Posts Tagged ‘Turtle’

The Web Is 25 — And The Semantic Web Has Been An Important Part Of It

web25NOTE: This post was updated at 5:40pm ET.

Today the Web celebrates its 25th birthday, and we celebrate the Semantic Web’s role in that milestone. And what a milestone it is: As of this month, the Indexed Web contains at least 2.31 billion pages, according to WorldWideWebSize.  

The Semantic Web Blog reached out to the World Wide Web Consortium’s current and former semantic leads to get their perspective on the roads The Semantic Web has traveled and the value it has so far brought to the Web’s table: Phil Archer, W3C Data Activity Lead coordinating work on the Semantic Web and related technologies; Ivan Herman, who last year transitioned roles at the W3C from Semantic Activity Lead to Digital Publishing Activity Lead; and Eric Miller, co-founder and president of Zepheira and the leader of the Semantic Web Initiative at the W3C until 2007.

While The Semantic Web came to the attention of the wider public in 2001, with the publication in The Scientific American of The Semantic Web by Tim Berners-Lee, James Hendler and Ora Lassila, Archer points out that “one could argue that the Semantic Web is 25 years old,” too. He cites Berners-Lee’s March 1989 paper, Information Management: A Proposal, that includes a diagram that shows relationships that are immediately recognizable as triples. “That’s how Tim envisaged it from Day 1,” Archer says.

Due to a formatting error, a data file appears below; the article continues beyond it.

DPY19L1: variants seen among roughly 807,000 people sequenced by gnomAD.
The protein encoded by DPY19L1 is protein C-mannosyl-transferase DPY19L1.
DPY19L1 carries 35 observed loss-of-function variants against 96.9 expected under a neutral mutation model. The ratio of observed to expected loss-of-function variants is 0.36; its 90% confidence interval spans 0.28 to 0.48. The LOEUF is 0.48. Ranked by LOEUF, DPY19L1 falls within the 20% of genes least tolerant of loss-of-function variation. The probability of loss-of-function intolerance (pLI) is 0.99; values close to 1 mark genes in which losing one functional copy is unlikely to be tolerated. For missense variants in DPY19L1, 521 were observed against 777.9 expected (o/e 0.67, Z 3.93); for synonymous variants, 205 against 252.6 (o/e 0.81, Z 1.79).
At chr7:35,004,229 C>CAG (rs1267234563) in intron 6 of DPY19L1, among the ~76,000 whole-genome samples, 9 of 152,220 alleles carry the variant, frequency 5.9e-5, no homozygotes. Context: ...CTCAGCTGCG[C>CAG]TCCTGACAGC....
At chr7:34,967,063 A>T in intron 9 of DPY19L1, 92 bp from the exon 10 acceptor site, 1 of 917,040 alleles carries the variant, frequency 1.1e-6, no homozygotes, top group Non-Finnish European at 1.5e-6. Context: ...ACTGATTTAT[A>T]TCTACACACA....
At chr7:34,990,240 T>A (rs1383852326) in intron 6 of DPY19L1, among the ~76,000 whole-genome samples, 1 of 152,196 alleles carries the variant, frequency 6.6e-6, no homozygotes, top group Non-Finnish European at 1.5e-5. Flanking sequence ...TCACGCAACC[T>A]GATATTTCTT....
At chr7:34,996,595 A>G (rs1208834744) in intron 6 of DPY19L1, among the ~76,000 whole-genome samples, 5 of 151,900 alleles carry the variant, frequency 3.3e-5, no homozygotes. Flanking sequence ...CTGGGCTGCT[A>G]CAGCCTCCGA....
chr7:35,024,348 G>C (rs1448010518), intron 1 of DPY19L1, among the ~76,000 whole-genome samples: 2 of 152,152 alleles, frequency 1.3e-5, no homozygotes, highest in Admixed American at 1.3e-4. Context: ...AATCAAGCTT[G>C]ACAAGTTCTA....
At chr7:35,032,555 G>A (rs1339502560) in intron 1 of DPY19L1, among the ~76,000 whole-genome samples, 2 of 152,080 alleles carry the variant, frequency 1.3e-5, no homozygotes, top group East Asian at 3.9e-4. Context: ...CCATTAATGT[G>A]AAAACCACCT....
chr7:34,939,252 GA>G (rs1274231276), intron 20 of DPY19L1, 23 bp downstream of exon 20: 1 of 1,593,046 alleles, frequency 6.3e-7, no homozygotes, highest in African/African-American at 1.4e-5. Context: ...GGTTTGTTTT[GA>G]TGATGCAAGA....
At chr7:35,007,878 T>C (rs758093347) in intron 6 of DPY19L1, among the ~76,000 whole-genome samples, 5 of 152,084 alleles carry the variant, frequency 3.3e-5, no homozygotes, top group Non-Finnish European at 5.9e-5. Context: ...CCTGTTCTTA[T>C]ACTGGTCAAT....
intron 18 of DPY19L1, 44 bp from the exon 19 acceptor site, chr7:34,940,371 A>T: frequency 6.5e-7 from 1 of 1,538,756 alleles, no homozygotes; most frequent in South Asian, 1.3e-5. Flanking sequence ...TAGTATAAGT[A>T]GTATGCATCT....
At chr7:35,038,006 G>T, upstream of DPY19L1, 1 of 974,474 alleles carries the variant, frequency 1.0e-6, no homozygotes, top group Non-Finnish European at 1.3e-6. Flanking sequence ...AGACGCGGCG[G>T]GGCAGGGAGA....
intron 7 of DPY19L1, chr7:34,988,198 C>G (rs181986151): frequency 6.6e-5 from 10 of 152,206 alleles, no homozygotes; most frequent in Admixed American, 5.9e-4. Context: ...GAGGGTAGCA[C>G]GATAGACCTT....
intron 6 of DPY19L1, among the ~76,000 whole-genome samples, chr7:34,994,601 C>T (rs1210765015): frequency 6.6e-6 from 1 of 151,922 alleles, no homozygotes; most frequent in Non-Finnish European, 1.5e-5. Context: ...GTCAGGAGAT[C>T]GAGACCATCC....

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RDF 1.1 is a W3C Recommendation

RDF 1.1Almost exactly 10 years after the publication of RDF 1.0 (10 Feb 2004, http://www.w3.org/TR/rdf-concepts/), the World Wide Web Consortium (W3C) has announced today that RDF 1.1 has become a “Recommendation.” In fact, the RDF Working Group has published a set of eight Resource Description Framework (RDF) Recommendations and four Working Group Notes. One of those notes, the RDF 1.1 primer, is a good starting place for those new to the standard.

SemanticWeb.com caught up with Markus Lanthaler, co-editor of the RDF 1.1 Concepts and Abstract Syntax document, to discuss this news.

photo of Markus LanthalerLanthaler said of the recommendation, “Semantic Web technologies are often criticized for their complexity–mostly because RDF is being conflated with RDF/XML. Thus, with RDF 1.1 we put a strong focus on simplicity. The new specifications are much more accessible and there’s a clear separation between RDF, the data model, and its serialization formats. Furthermore, the primer provides a great introduction for newcomers. I’m convinced that, along with the standardization of Turtle (and previously JSON-LD), this will mark an important point in the history of the Semantic Web.”

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Get Your Big, Linked, Smart Data eBook

rsz_blddata

Attendees at the Semantic Technology & Business Conference in NYC earlier this month got first-access to Big, Linked, Smart Data, an eBook of selections from The Semantic Web Blog. It’s built on the KEeReader, a browser-based e-reading platform that brings the ability to identify concepts, entities and relationships within content and allow users to interact with it. Now, that Knowledge Enhanced eReader (KEeReader) is available to all on the bookshelf here.